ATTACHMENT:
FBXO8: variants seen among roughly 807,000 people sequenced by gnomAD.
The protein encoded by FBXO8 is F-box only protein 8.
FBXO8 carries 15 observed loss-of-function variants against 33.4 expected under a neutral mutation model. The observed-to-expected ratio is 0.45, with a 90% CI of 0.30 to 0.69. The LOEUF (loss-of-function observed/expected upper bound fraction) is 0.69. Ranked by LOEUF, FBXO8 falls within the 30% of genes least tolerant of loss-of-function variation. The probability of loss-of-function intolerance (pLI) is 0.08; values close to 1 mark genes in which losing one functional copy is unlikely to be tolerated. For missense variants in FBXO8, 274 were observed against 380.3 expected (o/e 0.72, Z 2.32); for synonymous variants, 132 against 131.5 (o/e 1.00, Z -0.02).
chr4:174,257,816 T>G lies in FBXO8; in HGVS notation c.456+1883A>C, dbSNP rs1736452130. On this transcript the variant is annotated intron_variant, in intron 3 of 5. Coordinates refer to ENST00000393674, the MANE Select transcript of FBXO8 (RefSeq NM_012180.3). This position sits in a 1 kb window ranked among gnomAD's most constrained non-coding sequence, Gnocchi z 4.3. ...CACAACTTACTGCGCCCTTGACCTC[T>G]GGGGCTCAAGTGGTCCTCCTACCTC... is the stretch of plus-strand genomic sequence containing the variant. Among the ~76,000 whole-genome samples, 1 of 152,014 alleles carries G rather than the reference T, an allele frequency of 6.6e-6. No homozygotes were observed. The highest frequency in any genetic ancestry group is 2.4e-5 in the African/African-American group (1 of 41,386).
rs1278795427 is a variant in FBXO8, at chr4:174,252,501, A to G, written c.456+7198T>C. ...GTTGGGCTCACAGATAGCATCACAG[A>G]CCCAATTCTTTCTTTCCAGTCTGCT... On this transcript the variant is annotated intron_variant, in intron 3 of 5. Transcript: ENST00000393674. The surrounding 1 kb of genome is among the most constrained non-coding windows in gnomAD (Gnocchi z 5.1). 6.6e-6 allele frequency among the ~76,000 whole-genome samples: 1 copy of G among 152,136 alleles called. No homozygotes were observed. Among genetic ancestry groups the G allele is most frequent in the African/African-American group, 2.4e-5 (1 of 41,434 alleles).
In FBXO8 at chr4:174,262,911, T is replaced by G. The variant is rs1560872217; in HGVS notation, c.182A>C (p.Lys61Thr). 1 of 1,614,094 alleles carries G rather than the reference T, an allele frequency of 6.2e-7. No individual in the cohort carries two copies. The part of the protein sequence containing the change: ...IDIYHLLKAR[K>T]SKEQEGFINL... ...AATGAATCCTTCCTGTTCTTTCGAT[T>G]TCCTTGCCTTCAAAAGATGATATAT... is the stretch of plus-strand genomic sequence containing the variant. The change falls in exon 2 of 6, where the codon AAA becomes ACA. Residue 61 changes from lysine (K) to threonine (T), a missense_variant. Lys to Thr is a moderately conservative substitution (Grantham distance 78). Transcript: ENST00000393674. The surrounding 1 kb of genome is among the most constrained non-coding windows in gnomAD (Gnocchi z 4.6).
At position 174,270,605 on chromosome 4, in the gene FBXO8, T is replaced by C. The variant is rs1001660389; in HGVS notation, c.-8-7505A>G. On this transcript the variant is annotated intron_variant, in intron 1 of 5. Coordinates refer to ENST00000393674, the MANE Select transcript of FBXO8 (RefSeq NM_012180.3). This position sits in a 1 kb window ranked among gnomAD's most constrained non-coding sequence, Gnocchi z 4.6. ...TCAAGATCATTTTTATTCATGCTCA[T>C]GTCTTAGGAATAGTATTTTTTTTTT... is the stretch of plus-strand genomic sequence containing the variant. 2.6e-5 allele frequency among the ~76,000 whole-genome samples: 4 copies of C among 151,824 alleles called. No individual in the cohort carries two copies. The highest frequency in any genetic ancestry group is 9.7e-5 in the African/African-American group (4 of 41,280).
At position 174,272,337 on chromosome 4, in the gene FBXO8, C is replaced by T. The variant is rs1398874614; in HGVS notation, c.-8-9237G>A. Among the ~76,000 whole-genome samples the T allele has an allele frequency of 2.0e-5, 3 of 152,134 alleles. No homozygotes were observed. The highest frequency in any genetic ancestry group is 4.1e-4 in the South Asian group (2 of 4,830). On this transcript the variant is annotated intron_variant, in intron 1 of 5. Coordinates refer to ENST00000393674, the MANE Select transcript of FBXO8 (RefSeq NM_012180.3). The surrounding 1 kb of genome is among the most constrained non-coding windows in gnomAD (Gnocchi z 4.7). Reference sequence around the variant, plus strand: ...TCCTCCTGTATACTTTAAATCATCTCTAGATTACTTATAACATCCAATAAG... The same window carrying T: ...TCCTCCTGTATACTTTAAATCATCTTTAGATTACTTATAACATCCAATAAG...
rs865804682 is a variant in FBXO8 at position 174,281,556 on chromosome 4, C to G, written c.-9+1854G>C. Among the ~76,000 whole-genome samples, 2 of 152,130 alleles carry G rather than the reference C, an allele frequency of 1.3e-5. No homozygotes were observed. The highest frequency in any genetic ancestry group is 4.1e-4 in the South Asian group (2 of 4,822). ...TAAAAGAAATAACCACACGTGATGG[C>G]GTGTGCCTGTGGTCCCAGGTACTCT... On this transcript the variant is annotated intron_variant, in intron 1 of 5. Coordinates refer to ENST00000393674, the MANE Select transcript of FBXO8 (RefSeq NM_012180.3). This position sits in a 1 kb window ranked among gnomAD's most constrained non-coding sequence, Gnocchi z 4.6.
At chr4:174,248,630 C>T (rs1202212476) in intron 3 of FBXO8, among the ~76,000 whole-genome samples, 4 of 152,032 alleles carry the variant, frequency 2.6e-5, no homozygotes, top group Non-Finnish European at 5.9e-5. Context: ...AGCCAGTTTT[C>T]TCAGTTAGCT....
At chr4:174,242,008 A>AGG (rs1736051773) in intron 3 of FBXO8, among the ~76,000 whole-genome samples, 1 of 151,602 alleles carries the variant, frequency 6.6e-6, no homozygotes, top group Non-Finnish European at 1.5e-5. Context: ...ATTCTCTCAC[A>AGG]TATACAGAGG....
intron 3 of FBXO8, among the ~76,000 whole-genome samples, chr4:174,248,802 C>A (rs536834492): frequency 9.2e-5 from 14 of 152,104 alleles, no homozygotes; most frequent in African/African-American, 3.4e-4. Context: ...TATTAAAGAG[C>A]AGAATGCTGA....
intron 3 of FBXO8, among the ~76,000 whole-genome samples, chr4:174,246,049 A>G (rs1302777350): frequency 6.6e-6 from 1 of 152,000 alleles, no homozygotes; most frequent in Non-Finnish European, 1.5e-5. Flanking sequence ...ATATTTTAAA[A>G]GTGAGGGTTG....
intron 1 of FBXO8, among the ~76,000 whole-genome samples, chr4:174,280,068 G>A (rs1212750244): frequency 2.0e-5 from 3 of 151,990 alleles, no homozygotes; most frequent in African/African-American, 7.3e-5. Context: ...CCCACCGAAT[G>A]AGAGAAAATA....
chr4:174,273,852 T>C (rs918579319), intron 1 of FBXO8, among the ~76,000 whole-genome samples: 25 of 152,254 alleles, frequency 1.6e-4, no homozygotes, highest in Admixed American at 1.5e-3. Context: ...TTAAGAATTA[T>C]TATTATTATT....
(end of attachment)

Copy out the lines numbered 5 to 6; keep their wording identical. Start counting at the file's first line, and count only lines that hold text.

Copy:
rs1278795427 is a variant in FBXO8, at chr4:174,252,501, A to G, written c.456+7198T>C. ...GTTGGGCTCACAGATAGCATCACAG[A>G]CCCAATTCTTTCTTTCCAGTCTGCT... On this transcript the variant is annotated intron_variant, in intron 3 of 5. Transcript: ENST00000393674. The surrounding 1 kb of genome is among the most constrained non-coding windows in gnomAD (Gnocchi z 5.1). 6.6e-6 allele frequency among the ~76,000 whole-genome samples: 1 copy of G among 152,136 alleles called. No homozygotes were observed. Among genetic ancestry groups the G allele is most frequent in the African/African-American group, 2.4e-5 (1 of 41,434 alleles).
In FBXO8 at chr4:174,262,911, T is replaced by G. The variant is rs1560872217; in HGVS notation, c.182A>C (p.Lys61Thr). 1 of 1,614,094 alleles carries G rather than the reference T, an allele frequency of 6.2e-7. No individual in the cohort carries two copies. The part of the protein sequence containing the change: ...IDIYHLLKAR[K>T]SKEQEGFINL... ...AATGAATCCTTCCTGTTCTTTCGAT[T>G]TCCTTGCCTTCAAAAGATGATATAT... is the stretch of plus-strand genomic sequence containing the variant. The change falls in exon 2 of 6, where the codon AAA becomes ACA. Residue 61 changes from lysine (K) to threonine (T), a missense_variant. Lys to Thr is a moderately conservative substitution (Grantham distance 78). Transcript: ENST00000393674. The surrounding 1 kb of genome is among the most constrained non-coding windows in gnomAD (Gnocchi z 4.6).